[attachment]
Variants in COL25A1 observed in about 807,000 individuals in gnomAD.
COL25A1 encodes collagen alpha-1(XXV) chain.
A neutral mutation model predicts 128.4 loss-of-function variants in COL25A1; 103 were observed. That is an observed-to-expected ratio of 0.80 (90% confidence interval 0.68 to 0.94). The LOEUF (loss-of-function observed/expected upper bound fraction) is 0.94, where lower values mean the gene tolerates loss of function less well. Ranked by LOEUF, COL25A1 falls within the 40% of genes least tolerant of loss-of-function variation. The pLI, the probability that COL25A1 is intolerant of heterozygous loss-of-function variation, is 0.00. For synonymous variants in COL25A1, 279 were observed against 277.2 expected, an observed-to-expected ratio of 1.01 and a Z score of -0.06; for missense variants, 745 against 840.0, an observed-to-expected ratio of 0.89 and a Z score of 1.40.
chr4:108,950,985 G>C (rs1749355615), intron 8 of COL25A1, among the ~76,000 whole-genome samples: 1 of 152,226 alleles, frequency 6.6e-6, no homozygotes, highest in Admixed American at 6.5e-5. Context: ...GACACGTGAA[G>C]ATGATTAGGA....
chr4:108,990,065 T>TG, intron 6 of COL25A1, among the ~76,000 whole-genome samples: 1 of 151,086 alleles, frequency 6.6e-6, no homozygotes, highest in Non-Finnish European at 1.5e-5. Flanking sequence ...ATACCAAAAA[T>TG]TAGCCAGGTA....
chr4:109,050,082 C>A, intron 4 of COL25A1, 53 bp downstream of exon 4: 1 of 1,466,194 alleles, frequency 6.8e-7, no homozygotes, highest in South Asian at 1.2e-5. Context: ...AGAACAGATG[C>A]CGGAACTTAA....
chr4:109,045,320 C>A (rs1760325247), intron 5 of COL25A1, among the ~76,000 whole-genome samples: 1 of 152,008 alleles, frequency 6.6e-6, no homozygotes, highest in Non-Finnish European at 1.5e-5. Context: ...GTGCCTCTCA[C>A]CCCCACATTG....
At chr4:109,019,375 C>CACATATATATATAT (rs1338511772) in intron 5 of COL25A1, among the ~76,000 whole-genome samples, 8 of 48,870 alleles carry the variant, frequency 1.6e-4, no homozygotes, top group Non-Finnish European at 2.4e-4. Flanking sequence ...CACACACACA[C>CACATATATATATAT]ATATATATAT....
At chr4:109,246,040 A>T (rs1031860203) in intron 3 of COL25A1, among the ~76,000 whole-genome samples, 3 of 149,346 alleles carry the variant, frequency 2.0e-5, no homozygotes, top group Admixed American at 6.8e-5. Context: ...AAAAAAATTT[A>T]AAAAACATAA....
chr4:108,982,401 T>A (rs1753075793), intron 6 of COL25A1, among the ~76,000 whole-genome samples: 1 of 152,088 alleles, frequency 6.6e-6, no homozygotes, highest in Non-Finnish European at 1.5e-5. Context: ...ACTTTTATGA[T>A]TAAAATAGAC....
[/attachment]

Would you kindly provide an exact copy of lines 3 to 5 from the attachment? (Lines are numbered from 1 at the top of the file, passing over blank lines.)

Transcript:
A neutral mutation model predicts 128.4 loss-of-function variants in COL25A1; 103 were observed. That is an observed-to-expected ratio of 0.80 (90% confidence interval 0.68 to 0.94). The LOEUF (loss-of-function observed/expected upper bound fraction) is 0.94, where lower values mean the gene tolerates loss of function less well. Ranked by LOEUF, COL25A1 falls within the 40% of genes least tolerant of loss-of-function variation. The pLI, the probability that COL25A1 is intolerant of heterozygous loss-of-function variation, is 0.00. For synonymous variants in COL25A1, 279 were observed against 277.2 expected, an observed-to-expected ratio of 1.01 and a Z score of -0.06; for missense variants, 745 against 840.0, an observed-to-expected ratio of 0.89 and a Z score of 1.40.
chr4:108,950,985 G>C (rs1749355615), intron 8 of COL25A1, among the ~76,000 whole-genome samples: 1 of 152,226 alleles, frequency 6.6e-6, no homozygotes, highest in Admixed American at 6.5e-5. Context: ...GACACGTGAA[G>C]ATGATTAGGA....
chr4:108,990,065 T>TG, intron 6 of COL25A1, among the ~76,000 whole-genome samples: 1 of 151,086 alleles, frequency 6.6e-6, no homozygotes, highest in Non-Finnish European at 1.5e-5. Flanking sequence ...ATACCAAAAA[T>TG]TAGCCAGGTA....